Full 20% discount for senior citizens

Seniors are entitled to full 20% discount on top of a discount granted by a 3rd party. Lawyer Romulo Makalintal sued Sofitel after the latter refused to give a 70% discount based on the lawyer’s 20% senior discount and 50% discount via a contract with Accor (where he pays an annual membership fee of P8,000.00). By way of defense, Sofitel gave only a 30% discount (50 minus 20) on the ground that giving 70% discount would violate the rule on “double discounts”.

DTI ruled in favor of Makalintal: “The prohibition on double discounting is applicable only when the discount is for the establishment’s promotion, but only if a DTI permit is applied for and granted.” #businesslaw

Reformation of Instruments

When a written agreement does not reflect or express the true intentions of the parties, the contract may be reformed or changed. This is the right to reformation of instruments. This remedy is available so that the instrument may be accordingly revised to better manifest the agreement of the parties.

A party has the right to ask for the reformation of the instrument if it does not properly express the intent of the parties. This right is granted only to the extent that the true intentions may properly be reflected. Otherwise stated, it is only the provisions which are unclear and ambiguous which may be revised. If the parties agree to change clear and unambiguous provisions, they may be entering into a supplemental contract, a new contract, or a novation of the original contract.

Example 1: In a contract of sale of a condominium unit, the buyer obligated itself to pay the purchase price through a 24 monthly installments. On the other hand, the Realty Company selling the unit obligated itself to transfer and deliver ownership to the buyer upon full and complete payment of the purchase price. The transaction entered into by the parties is a contract to sell; however, they executed a contract of sale. As the intention of the parties is to enter into a contract to sell, their contract of sale may be modified accordingly to the extent that the will of the parties be shown.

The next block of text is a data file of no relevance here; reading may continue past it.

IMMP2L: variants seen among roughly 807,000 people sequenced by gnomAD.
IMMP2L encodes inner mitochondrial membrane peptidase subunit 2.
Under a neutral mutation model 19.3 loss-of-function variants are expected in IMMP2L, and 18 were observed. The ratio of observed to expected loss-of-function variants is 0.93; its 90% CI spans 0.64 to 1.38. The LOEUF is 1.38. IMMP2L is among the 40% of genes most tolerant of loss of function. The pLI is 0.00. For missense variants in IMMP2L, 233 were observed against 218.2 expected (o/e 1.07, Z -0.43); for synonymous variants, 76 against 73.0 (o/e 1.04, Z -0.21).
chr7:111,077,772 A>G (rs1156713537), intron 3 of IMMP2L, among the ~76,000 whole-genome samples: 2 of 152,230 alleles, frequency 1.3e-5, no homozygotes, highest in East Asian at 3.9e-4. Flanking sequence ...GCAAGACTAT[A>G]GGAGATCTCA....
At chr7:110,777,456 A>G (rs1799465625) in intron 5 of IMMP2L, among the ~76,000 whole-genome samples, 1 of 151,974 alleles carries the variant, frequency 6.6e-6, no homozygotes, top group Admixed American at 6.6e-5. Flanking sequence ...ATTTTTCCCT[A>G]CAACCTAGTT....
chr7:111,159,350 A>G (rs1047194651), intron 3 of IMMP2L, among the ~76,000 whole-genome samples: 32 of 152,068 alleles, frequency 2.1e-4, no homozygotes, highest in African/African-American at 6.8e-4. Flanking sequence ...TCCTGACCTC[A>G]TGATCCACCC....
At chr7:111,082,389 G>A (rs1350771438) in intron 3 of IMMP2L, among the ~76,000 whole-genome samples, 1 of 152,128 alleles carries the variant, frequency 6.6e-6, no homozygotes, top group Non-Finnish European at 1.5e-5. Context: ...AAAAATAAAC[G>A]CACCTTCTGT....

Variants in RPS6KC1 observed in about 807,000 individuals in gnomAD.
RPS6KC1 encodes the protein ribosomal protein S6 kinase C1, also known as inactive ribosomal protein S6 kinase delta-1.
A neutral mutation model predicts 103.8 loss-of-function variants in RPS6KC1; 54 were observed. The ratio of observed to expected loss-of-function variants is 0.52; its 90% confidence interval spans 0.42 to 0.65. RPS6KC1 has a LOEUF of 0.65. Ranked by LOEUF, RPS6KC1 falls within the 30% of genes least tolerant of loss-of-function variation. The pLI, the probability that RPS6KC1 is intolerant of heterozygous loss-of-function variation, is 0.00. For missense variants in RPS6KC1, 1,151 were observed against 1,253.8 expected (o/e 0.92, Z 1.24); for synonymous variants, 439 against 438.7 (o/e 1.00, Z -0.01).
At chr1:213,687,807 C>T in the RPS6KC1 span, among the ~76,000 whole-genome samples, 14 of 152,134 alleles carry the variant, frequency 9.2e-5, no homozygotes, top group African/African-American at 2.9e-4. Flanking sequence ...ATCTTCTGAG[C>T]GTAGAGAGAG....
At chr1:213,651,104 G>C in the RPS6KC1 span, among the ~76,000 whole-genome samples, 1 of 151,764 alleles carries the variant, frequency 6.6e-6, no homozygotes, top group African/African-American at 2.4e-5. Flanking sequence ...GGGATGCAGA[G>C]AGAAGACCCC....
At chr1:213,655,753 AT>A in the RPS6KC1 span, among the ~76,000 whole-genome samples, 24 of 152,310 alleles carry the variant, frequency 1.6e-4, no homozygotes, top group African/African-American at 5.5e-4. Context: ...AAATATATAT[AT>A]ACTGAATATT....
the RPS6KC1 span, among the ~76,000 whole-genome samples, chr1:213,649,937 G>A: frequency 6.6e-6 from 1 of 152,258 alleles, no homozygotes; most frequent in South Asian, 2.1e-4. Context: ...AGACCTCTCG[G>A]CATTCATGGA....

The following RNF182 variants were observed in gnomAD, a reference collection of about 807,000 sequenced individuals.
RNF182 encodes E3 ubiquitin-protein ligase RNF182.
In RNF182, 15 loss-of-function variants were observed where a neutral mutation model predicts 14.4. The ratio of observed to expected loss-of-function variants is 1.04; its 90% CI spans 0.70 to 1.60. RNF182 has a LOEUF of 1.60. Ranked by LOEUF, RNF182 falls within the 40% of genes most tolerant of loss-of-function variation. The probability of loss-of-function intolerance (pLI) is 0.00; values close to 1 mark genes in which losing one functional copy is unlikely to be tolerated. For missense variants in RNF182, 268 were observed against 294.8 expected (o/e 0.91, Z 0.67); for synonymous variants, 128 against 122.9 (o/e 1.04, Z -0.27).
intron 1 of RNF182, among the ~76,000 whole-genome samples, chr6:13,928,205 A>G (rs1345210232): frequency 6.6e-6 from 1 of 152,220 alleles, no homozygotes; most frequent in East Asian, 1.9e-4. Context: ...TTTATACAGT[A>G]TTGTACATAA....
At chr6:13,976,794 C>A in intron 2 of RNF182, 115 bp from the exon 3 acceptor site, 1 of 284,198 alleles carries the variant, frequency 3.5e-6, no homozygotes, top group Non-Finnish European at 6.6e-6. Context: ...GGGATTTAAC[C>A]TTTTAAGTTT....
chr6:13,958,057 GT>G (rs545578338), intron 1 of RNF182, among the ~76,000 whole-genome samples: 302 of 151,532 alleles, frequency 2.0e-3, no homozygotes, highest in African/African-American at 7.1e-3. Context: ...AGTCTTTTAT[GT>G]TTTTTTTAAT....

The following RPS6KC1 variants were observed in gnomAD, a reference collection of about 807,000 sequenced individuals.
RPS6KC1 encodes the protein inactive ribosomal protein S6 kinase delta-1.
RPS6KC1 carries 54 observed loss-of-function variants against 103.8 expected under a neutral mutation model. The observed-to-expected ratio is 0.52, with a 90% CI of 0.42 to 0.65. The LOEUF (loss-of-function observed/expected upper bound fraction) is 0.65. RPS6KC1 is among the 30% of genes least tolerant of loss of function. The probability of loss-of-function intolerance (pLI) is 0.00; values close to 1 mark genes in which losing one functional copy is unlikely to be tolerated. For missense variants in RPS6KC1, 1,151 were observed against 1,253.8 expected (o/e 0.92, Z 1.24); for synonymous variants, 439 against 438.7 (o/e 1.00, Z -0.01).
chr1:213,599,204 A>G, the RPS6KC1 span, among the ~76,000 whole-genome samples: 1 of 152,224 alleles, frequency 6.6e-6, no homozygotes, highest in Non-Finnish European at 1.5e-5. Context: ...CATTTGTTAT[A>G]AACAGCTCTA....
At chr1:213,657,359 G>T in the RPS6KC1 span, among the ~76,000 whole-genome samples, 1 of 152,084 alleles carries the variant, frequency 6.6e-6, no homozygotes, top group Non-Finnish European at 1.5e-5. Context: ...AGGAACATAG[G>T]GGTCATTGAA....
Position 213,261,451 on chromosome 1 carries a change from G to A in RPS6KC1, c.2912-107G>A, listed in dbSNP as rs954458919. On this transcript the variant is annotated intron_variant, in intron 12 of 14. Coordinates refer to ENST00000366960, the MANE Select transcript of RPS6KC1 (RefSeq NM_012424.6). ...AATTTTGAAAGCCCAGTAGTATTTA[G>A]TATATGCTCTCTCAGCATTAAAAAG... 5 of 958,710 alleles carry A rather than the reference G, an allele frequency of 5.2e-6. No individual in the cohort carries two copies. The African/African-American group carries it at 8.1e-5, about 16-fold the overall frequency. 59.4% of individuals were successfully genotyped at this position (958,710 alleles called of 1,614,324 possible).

Example 2: Using the same example above. If the parties later on agree to change the contract of sale such that the buyer will pay in full the purchase price and the Realty Company will transfer and deliver ownership of the condominium unit, they have entered into a novation of the original contract.

The grounds for invoking the right of reformation is due to the written instrument being unable to reflect the agreement or intentions of the parties by reason of: (a) mistake; (b) fraud; (c) inequitable conduct; or (d) accident. If the latter circumstances had actually prevented a meeting of the minds, the proper remedy is for the annulment of the contract. This is so as the consent of the parties may be defective or vitiated.

The remedy of reformation of the instrument is available even if there was a mutual mistake resulting in the failure of the instrument to reflect or disclose their agreement. Either party (or his successors-in-interest) may ask for the reformation of instrument. The party who was mistaken has the right to ask for reformation of the instrument, even if the other party knew or believed that there was a mistake and even concealed that fact to the other. If the mistake was due to one party, it is only the injured party (or his successors-in-interest) who can ask for reformation.

The remedy is not available to a party who acted fraudulently or inequitably in such a way that the instrument does not show their true intention. The erring party should not be rewarded for his unscrupulous behavior. If such conduct is permitted, it will wreak havoc on contracts as a party with evil intentions may simply ask for reformation if his plans do not work out.

Upon a complaint, the courts may order that the instrument be reformed if the instrument is defective due to ignorance, lack of skill, negligence or bad faith on the clerk, typist, or person who drafted the agreement. In so doing, the courts will factor in the principle of adhesion – wherein a contract will be construed against the party who prepared it.